Your hardware and software choices can have an enormous impact on your productivity.
I’m not a tech wizard by any means, but I’ve picked up a few tricks along the way. I’ve paid oodles of money for software that was a total lemon, and I’ve downloaded free apps from the internet that are worth my weight in gold.
Asking people what kind of computer they use is the equivalent of those old Coke versus Pepsi commercials. Both sides have a thousand arguments both for and against a Mac and a PC. You probably already know which side of the divide you lie on, but if you don’t, I’m throwing in my two cents worth.
FYI, I’m not a paid by any of these companies. I’m speaking from personal and professional experience.
My MacBook Pro
I live and breathe Apple. I work on a MacBook Pro (Retina, 15-inch, Mid 2015) Laptop with a 2.2 GHz Intel Core i7 and 16 GB memory. I also use several external hard drives and thumb drives to supplement, but take into consideration that I’m cranking out large files in five or six formats for the magazine every month.
The Google Chromebook is a terrific laptop for the writer on a budget. Made by HP, it has an Intel Celeron 2955U processor with Intel HD Graphics (1.4 GHz, 2 MB cache, 2 cores), 4GB SDRAM DDR3L 1600MHz (onboard), and runs on Chrome OS (my browser of choice).
I like to carry my work with me. I’m a single mom of two, and I’m constantly on the go. A desktop wouldn’t be a feasible option for me, but it might be for you, especially if you like to lock yourself away in an office while you work. Desktops are generally cheaper and easier to expand.
Apple iMac has an impressive array of desktops. The biggest decision (other than budget) is asking yourself how much memory and processing speed you need for everyday tasks. I do a lot of Photoshop and video editing so I’m currently eyeballing the Apple iMac MF885LL 27-Inch Desktop with a 3.3 GHz Quad-core processor, 1 TB Hard Drive, and 8GB DDR3L.
Can you hear my heart beating a little faster thinking about that beautiful machine?
Now, I haven’t had a Dell desktop in years, but if I went out today and bought one, this is the one I would buy: the Dell 23.8 Inch Touchscreen FHD. It runs on Windows 10, has a 2.3 GHz Processor, 16 GB SDRAM, and 1TB Hard Drive.
Even more portable-the “purse” and “pocket” sized writing tools.
Apple iPhone 6
I tried out a Samsung Android when my iPhone bit the dust a few months ago. Some people swear by them, but an Android is a lot easier to hack (don’t ask how I know this…I won’t tell you.) and I found it more unwieldy to type on. The upside to an Android is the easy implementation of Google Apps including Google docs and Google drive straight from your phone.
An iPad is an excellent secret weapon for a writer. With the right apps, you can turn an iPad into a fully functioning laptop. Add a stylus ($6) and a keyboard and you’ve got a fairly sophisticated setup. Keyboard price points range from the $150 range with all the bells and whistles to a budget-friendly $15.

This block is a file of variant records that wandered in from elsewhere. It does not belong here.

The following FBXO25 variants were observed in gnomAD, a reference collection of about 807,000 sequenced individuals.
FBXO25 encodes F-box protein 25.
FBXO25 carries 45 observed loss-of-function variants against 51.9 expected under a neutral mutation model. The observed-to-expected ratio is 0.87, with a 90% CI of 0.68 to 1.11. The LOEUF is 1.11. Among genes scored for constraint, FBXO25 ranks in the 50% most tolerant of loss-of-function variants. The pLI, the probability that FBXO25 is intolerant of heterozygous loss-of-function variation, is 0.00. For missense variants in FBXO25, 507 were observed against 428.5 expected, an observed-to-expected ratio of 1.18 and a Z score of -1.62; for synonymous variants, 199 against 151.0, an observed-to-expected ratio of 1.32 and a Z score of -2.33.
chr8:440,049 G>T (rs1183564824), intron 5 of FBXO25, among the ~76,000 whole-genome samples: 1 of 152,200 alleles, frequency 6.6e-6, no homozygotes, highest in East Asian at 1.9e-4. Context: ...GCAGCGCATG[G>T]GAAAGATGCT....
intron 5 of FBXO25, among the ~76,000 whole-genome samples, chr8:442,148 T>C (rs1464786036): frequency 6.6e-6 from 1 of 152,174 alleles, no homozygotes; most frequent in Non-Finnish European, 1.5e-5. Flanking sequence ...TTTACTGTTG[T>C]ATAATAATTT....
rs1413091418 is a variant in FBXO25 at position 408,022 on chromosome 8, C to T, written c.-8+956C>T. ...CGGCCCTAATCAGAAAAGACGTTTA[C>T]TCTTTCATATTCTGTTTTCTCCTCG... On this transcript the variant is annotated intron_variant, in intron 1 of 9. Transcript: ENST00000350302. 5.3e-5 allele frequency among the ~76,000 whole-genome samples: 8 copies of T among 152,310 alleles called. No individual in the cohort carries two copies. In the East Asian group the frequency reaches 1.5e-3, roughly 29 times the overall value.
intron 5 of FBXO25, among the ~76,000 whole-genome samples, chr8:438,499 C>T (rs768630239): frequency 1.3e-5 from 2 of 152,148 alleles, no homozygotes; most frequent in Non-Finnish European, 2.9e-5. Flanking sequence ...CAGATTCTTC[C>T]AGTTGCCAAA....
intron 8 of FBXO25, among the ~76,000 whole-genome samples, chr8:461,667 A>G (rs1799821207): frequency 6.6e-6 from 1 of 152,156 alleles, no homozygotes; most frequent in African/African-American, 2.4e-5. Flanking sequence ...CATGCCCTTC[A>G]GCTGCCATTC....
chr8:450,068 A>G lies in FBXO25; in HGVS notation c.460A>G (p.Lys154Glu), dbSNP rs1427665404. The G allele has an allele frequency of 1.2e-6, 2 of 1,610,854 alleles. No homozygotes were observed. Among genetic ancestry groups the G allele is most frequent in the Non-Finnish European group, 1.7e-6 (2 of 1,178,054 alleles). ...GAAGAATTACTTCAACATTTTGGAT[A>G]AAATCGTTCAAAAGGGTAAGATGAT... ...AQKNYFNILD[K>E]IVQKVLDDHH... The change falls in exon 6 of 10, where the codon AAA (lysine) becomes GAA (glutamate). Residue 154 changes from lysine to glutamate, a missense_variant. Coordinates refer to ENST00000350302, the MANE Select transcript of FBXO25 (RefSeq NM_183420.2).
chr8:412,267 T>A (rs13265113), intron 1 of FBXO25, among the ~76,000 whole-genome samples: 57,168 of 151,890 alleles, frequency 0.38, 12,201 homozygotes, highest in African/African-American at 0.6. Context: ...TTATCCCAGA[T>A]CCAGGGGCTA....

The newest Apple iPad is a real workhorse. It’s basically a tiny laptop. 9.7-inch Retina display, 10 hours of battery life, and over a million apps to choose from.
The secret to finding the right hardware is examining your lifestyle.
Where do you write? What do you write? What are your processing and memory needs? Most importantly, what’s your budget? Don’t be afraid to get creative and make things work.
And hey, there’s always the back of that grocery list you find in your coat pocket.
If you don’t know what to look for, software choices can be daunting–especially for a new writer.
The default setting you either love or hate (Coke or Pepsi again) is Microsoft Word.
It’s reasonably inexpensive and you probably learned how to use it somewhere/somehow/osmosis. You crank out .doc or .docx files like a beastmaster. The problem? Not all submission systems will accept .docx files. And Word can be unwieldy, especially once your story turns into a novella turns into a full-fledged novel and you need an organizational system.
Mac’s equivalent is Pages. I’ve confessed to being a Mac-addict so you can guess I use Pages on a semi-regular basis. It’s the default when I download a document from my email or another third party source. Like Word, Pages loses its usefulness once your document gets much longer than 50+ pages. But I do use it for all my critiquing. “Track Changes” is simple and easy to use. I find the comments and inline edits readable and easy for even authors unfamiliar with my editing style to understand.
Google Docs is my new go-to if I’m not in the mood for Pages. The added benefit of Google docs is the online storage (Google Drive) without all those pesky iCloud notifications telling me my storage is almost full and could they please have more of my money. Google Docs also has a decent variety of templates in both their documents and spreadsheet sections. It’s quite handy to organize in the spreadsheets, save all your chapters in Google docs, and then invite a critiquer or beta-reader to share editing privileges on a document. One stop shopping at its finest.